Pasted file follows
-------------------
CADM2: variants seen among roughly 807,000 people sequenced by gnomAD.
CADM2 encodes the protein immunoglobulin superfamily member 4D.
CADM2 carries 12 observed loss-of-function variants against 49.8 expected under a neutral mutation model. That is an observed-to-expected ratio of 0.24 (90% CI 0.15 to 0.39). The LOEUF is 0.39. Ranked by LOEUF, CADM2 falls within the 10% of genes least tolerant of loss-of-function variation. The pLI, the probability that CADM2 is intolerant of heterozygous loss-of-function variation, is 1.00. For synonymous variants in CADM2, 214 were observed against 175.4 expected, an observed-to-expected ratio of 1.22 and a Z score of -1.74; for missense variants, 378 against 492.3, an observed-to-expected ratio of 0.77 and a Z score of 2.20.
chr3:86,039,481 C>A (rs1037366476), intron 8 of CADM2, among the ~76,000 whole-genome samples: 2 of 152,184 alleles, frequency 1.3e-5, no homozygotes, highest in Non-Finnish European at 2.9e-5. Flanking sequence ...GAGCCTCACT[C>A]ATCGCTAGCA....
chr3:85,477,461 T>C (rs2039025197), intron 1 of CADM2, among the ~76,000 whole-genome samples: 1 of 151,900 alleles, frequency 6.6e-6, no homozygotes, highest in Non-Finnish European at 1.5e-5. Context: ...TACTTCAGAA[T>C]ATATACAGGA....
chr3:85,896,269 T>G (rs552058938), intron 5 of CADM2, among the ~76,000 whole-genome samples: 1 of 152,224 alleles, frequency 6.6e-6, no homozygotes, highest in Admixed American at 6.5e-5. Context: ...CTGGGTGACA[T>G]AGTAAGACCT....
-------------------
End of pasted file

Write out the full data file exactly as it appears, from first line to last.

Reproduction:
CADM2: variants seen among roughly 807,000 people sequenced by gnomAD.
CADM2 encodes the protein immunoglobulin superfamily member 4D.
CADM2 carries 12 observed loss-of-function variants against 49.8 expected under a neutral mutation model. That is an observed-to-expected ratio of 0.24 (90% CI 0.15 to 0.39). The LOEUF is 0.39. Ranked by LOEUF, CADM2 falls within the 10% of genes least tolerant of loss-of-function variation. The pLI, the probability that CADM2 is intolerant of heterozygous loss-of-function variation, is 1.00. For synonymous variants in CADM2, 214 were observed against 175.4 expected, an observed-to-expected ratio of 1.22 and a Z score of -1.74; for missense variants, 378 against 492.3, an observed-to-expected ratio of 0.77 and a Z score of 2.20.
chr3:86,039,481 C>A (rs1037366476), intron 8 of CADM2, among the ~76,000 whole-genome samples: 2 of 152,184 alleles, frequency 1.3e-5, no homozygotes, highest in Non-Finnish European at 2.9e-5. Flanking sequence ...GAGCCTCACT[C>A]ATCGCTAGCA....
chr3:85,477,461 T>C (rs2039025197), intron 1 of CADM2, among the ~76,000 whole-genome samples: 1 of 151,900 alleles, frequency 6.6e-6, no homozygotes, highest in Non-Finnish European at 1.5e-5. Context: ...TACTTCAGAA[T>C]ATATACAGGA....
chr3:85,896,269 T>G (rs552058938), intron 5 of CADM2, among the ~76,000 whole-genome samples: 1 of 152,224 alleles, frequency 6.6e-6, no homozygotes, highest in Admixed American at 6.5e-5. Context: ...CTGGGTGACA[T>G]AGTAAGACCT....